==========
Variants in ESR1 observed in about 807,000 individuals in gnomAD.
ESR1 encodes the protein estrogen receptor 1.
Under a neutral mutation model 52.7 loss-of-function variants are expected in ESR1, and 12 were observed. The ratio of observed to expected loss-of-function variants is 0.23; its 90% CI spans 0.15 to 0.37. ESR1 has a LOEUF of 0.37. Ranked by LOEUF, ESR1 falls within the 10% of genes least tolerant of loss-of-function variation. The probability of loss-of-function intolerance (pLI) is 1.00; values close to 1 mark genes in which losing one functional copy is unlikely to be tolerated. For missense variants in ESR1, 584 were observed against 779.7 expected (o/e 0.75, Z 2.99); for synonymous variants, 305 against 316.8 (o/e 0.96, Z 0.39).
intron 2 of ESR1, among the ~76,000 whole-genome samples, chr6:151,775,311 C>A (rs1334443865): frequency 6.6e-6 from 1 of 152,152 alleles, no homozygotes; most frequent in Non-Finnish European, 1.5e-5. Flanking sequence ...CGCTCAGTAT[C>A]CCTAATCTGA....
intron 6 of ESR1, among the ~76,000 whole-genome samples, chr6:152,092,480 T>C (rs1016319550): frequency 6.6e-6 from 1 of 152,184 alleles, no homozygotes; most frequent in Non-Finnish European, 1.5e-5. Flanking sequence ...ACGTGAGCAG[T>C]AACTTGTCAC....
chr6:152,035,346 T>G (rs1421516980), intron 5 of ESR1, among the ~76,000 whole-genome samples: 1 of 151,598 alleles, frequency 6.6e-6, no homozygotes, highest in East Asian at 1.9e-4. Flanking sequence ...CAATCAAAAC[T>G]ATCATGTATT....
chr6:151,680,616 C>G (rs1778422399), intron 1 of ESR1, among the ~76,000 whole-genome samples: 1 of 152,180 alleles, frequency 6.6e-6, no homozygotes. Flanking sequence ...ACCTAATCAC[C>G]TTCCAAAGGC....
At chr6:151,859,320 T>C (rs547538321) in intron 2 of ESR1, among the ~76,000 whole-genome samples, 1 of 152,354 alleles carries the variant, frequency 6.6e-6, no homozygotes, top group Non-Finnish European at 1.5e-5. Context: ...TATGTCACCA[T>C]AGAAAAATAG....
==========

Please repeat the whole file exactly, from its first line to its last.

Variants in ESR1 observed in about 807,000 individuals in gnomAD.
ESR1 encodes the protein estrogen receptor 1.
Under a neutral mutation model 52.7 loss-of-function variants are expected in ESR1, and 12 were observed. The ratio of observed to expected loss-of-function variants is 0.23; its 90% CI spans 0.15 to 0.37. ESR1 has a LOEUF of 0.37. Ranked by LOEUF, ESR1 falls within the 10% of genes least tolerant of loss-of-function variation. The probability of loss-of-function intolerance (pLI) is 1.00; values close to 1 mark genes in which losing one functional copy is unlikely to be tolerated. For missense variants in ESR1, 584 were observed against 779.7 expected (o/e 0.75, Z 2.99); for synonymous variants, 305 against 316.8 (o/e 0.96, Z 0.39).
intron 2 of ESR1, among the ~76,000 whole-genome samples, chr6:151,775,311 C>A (rs1334443865): frequency 6.6e-6 from 1 of 152,152 alleles, no homozygotes; most frequent in Non-Finnish European, 1.5e-5. Flanking sequence ...CGCTCAGTAT[C>A]CCTAATCTGA....
intron 6 of ESR1, among the ~76,000 whole-genome samples, chr6:152,092,480 T>C (rs1016319550): frequency 6.6e-6 from 1 of 152,184 alleles, no homozygotes; most frequent in Non-Finnish European, 1.5e-5. Flanking sequence ...ACGTGAGCAG[T>C]AACTTGTCAC....
chr6:152,035,346 T>G (rs1421516980), intron 5 of ESR1, among the ~76,000 whole-genome samples: 1 of 151,598 alleles, frequency 6.6e-6, no homozygotes, highest in East Asian at 1.9e-4. Flanking sequence ...CAATCAAAAC[T>G]ATCATGTATT....
chr6:151,680,616 C>G (rs1778422399), intron 1 of ESR1, among the ~76,000 whole-genome samples: 1 of 152,180 alleles, frequency 6.6e-6, no homozygotes. Flanking sequence ...ACCTAATCAC[C>G]TTCCAAAGGC....
At chr6:151,859,320 T>C (rs547538321) in intron 2 of ESR1, among the ~76,000 whole-genome samples, 1 of 152,354 alleles carries the variant, frequency 6.6e-6, no homozygotes, top group Non-Finnish European at 1.5e-5. Context: ...TATGTCACCA[T>C]AGAAAAATAG....